Accountability. There’s a loaded word if there was one – and especially in the context of the workplace. If you’ve ever worked in an environment with zero accountability, or been held accountable for the outcome of something you had very little power to influence, then you know first hand how the notion of being held accountable does not generally conjure a positive response.


How does Accountability Fit into the Workplace?

Accountability is about follow through and getting done what you said you’d get done. It’s recognising that other team members are dependant on the results of your work. It’s about open, proactive communication to keep team members informed of the status of your commitments because it has a direct impact on their ability to achieve their own goals. 

In the corporate space, accountability is/should be part of company culture. All members of staff should feel the need to deliver work in line with the expected standard which is in line with company goals. Often this doesn’t happen because lower-level employees have no idea what the current mission, vision and goals are of the organisation.

In a Partners in Leadership Workplace Accountability Study, 82% of respondents said they have “limited to no” ability to hold others accountable successfully. On the other hand, 91% of respondents rank accountability near the top of their company’s development needs.


“Genuine accountability comes with a fresh honesty that acknowledges where things can improve and a humility that tempers actions.” – Pete Lowe, author of HRD Connect.


Accountability in the workplace

Benefits of Accountability

It builds Trust – which is Everything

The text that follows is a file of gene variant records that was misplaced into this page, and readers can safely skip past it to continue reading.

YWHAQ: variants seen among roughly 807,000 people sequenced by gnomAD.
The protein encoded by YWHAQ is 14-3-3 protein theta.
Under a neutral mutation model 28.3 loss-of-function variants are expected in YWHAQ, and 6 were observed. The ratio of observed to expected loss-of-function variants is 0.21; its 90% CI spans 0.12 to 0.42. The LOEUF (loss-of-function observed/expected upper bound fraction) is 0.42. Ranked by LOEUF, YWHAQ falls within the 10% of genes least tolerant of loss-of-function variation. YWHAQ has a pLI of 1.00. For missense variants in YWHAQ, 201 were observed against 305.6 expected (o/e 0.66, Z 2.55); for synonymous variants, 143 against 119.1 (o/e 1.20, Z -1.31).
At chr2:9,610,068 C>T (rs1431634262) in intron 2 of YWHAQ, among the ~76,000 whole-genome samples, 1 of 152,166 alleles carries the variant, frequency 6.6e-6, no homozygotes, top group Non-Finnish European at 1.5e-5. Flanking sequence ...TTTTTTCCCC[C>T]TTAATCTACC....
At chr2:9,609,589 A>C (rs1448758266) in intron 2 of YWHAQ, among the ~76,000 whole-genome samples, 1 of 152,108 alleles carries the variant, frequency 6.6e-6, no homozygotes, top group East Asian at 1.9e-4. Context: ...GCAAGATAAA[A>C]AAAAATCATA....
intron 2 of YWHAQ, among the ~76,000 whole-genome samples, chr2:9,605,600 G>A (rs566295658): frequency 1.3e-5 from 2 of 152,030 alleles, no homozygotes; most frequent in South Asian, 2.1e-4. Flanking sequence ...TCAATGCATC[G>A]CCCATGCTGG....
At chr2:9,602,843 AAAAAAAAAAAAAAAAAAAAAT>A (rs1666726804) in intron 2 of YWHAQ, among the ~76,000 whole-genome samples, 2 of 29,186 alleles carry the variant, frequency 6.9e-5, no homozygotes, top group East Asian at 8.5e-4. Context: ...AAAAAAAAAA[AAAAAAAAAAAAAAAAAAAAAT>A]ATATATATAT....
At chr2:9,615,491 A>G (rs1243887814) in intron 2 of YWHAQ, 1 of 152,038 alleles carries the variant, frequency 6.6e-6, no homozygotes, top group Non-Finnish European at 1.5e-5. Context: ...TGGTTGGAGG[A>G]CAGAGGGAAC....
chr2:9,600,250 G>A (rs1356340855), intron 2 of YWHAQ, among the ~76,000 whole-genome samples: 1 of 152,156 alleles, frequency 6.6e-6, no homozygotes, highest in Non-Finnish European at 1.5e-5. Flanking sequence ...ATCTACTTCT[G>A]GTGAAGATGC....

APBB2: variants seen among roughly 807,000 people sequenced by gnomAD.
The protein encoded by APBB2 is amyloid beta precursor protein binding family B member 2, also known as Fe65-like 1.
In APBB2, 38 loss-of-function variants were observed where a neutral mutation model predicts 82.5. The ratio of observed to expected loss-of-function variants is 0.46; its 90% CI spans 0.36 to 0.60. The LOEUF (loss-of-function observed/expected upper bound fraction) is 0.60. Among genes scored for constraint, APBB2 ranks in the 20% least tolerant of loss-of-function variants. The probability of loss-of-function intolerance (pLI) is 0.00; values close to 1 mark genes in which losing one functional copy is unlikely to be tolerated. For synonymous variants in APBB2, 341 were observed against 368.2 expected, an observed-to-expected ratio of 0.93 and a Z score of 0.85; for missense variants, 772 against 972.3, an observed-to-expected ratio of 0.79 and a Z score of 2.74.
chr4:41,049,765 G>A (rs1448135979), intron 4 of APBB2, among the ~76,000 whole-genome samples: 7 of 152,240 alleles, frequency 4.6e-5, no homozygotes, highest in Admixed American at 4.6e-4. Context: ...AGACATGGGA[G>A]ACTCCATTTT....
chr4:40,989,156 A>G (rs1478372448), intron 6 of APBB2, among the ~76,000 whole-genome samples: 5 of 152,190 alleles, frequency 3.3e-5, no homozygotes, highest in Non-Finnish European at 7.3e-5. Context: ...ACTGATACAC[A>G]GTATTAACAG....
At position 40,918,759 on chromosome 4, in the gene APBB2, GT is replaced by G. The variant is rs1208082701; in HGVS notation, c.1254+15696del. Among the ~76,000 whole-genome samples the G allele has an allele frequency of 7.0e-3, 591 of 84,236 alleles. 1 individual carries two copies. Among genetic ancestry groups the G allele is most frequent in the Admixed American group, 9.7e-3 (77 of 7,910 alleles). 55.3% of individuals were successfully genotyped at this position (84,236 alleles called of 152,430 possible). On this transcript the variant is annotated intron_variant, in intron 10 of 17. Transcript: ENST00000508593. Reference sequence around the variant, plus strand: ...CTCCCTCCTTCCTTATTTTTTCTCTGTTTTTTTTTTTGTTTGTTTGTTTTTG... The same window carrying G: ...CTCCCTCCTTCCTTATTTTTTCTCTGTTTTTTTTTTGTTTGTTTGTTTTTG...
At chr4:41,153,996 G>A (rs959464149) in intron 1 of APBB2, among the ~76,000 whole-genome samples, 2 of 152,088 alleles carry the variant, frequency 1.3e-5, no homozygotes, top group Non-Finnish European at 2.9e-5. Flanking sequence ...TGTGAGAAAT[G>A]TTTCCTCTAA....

When you hold all employees accountable for doing what they are supposed to do, it breeds trust among individuals and teams. It allows people to count on each other, whether that means meeting deadlines, fulfilling duties, or feeling comfortable enough to approach a co-worker or manager for help.

Managers need to lead with transparency, communicate openly, and treat employees fairly with the guidance of policies and standards that apply to everyone. This is, is vital for laying a solid foundation for trust.

Performance improves – dramatically

When employees know who is responsible for what, it eliminates confusion and saves time, allowing individuals to meet clearly defined expectations.Tying accountability to performance also means you proactively pay attention to both process and results by correcting sub-par efforts and rewarding excellent performance.

When employees turn in poor work or fail to meet expectations, hold them accountable, educate them on expectations, and help them improve. It’s just as important to recognize and reward employees who follow guidelines, act appropriately, and meet or exceed expectations.


How to Nurture Accountability 


One of the most important things you do as a manager is to provide feedback because not giving feedback is one of the most demotivating things you can do to your employees. Even negative feedback is better than being ignored. When you regularly give feedback (including positive feedback), it makes tough feedback much easier.


Recognize that procrastinating feedback only makes things worse

As uncomfortable as it is, when we procrastinate providing feedback, we only make matters worse. Issues very rarely resolve themselves and just turn into bigger issues. Eventually, you have to deal with it. It’s easier to deal with the issue as soon as possible for you, for the person you’re providing the feedback to and for the rest of the team.


Keep track of your commitments and hold each other accountable

If you make a promise to provide more positive feedback, make sure you add that as a future agenda item to check in to hold yourself accountable. If your employee commits to providing a work back schedule for a project by such and such a date, make sure you have a way to check-in on that day.

One easy way to hold foster a culture of accountability – or, if the damage has already been done, address a lack of accountability – is to make sure you’re assigning action items during meetings. This is a perfect way to hold each and every member of your team accountable for their actions.